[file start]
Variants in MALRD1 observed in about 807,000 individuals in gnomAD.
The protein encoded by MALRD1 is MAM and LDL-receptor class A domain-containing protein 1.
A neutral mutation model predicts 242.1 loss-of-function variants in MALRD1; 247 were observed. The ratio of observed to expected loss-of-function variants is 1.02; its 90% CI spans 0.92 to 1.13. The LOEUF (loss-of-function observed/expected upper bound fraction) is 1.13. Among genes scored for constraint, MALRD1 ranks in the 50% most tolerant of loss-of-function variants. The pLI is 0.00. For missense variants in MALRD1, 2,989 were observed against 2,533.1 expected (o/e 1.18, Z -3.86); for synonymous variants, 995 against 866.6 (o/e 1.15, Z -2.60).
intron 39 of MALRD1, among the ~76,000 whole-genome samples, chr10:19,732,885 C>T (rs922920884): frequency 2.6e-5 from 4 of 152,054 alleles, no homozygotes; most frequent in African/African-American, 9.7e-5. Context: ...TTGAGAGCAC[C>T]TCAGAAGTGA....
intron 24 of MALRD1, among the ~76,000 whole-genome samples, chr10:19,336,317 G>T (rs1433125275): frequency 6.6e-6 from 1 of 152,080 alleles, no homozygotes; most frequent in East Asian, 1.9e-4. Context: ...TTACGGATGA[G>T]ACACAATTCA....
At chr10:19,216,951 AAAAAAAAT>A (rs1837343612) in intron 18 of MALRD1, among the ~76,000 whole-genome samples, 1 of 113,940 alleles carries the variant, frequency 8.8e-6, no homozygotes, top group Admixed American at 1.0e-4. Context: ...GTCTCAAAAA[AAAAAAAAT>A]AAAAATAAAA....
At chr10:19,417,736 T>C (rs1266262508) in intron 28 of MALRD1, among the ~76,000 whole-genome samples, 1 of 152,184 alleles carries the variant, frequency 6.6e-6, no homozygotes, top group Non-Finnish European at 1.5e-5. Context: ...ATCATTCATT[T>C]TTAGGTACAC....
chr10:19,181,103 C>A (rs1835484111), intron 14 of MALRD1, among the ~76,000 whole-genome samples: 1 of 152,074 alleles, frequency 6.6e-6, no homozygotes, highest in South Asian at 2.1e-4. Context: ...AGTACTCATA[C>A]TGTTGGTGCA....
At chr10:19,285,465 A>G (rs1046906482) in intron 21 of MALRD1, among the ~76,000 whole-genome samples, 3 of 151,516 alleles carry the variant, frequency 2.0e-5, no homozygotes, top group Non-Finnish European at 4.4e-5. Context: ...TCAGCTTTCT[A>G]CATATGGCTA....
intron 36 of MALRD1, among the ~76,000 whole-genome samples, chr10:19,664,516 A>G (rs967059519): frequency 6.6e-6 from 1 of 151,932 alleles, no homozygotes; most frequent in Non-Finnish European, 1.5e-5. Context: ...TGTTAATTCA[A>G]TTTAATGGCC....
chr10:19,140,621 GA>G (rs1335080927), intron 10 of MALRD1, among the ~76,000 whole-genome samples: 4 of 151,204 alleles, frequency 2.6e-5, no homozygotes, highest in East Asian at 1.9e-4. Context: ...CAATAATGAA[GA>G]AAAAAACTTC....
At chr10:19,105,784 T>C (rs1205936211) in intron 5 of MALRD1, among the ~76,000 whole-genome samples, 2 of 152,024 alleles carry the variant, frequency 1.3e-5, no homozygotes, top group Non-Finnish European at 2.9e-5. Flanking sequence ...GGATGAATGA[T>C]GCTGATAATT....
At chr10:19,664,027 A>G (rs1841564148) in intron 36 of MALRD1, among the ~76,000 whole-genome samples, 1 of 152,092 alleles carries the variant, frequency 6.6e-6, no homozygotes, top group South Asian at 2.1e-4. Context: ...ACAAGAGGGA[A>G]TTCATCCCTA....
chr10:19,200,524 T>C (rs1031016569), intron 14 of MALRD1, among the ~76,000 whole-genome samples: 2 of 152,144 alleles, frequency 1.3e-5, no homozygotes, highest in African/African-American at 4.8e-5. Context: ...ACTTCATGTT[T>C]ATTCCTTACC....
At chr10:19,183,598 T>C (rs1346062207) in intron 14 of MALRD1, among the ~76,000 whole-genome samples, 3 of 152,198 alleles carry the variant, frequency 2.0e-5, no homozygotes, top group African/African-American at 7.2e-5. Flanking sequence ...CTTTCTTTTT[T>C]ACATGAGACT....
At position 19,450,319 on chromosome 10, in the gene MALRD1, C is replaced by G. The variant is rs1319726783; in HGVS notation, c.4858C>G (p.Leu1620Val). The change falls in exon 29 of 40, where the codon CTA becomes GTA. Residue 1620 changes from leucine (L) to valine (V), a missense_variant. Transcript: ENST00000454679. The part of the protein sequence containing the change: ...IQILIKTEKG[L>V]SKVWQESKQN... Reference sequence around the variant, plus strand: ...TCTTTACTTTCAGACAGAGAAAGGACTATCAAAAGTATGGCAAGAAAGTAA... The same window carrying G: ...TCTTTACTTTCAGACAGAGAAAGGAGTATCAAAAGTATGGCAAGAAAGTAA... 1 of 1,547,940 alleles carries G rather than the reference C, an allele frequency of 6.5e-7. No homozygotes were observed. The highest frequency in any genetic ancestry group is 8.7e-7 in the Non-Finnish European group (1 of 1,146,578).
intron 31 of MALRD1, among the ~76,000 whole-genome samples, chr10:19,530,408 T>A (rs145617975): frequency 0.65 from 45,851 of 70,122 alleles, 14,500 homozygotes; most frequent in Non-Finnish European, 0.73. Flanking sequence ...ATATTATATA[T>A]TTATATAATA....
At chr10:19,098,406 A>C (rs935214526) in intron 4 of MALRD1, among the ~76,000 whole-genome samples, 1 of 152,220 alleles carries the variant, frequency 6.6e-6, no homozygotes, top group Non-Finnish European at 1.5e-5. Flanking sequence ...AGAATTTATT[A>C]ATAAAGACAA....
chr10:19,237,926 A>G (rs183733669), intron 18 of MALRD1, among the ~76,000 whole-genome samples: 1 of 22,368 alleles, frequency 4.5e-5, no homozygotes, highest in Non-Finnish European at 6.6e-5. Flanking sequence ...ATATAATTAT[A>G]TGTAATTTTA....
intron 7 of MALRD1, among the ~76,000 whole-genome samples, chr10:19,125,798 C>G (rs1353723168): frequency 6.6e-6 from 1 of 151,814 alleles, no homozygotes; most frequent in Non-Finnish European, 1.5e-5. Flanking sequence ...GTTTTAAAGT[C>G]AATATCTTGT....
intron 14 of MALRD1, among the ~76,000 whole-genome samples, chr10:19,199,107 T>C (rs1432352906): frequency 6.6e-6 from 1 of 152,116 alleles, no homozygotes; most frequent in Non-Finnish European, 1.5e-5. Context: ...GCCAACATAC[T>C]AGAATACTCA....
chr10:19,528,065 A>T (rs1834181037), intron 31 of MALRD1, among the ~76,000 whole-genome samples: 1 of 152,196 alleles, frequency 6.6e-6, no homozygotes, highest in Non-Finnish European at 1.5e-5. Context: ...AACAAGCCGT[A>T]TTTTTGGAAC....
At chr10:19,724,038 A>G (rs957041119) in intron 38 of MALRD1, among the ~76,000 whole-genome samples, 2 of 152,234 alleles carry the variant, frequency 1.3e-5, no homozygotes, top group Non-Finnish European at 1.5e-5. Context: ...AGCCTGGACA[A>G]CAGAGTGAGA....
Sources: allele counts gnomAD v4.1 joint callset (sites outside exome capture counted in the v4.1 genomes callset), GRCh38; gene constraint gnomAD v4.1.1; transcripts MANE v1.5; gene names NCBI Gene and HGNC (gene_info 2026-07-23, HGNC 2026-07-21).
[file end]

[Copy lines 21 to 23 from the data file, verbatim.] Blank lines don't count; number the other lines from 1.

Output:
intron 14 of MALRD1, among the ~76,000 whole-genome samples, chr10:19,199,107 T>C (rs1432352906): frequency 6.6e-6 from 1 of 152,116 alleles, no homozygotes; most frequent in Non-Finnish European, 1.5e-5. Context: ...GCCAACATAC[T>C]AGAATACTCA....
chr10:19,528,065 A>T (rs1834181037), intron 31 of MALRD1, among the ~76,000 whole-genome samples: 1 of 152,196 alleles, frequency 6.6e-6, no homozygotes, highest in Non-Finnish European at 1.5e-5. Context: ...AACAAGCCGT[A>T]TTTTTGGAAC....
At chr10:19,724,038 A>G (rs957041119) in intron 38 of MALRD1, among the ~76,000 whole-genome samples, 2 of 152,234 alleles carry the variant, frequency 1.3e-5, no homozygotes, top group Non-Finnish European at 1.5e-5. Context: ...AGCCTGGACA[A>G]CAGAGTGAGA....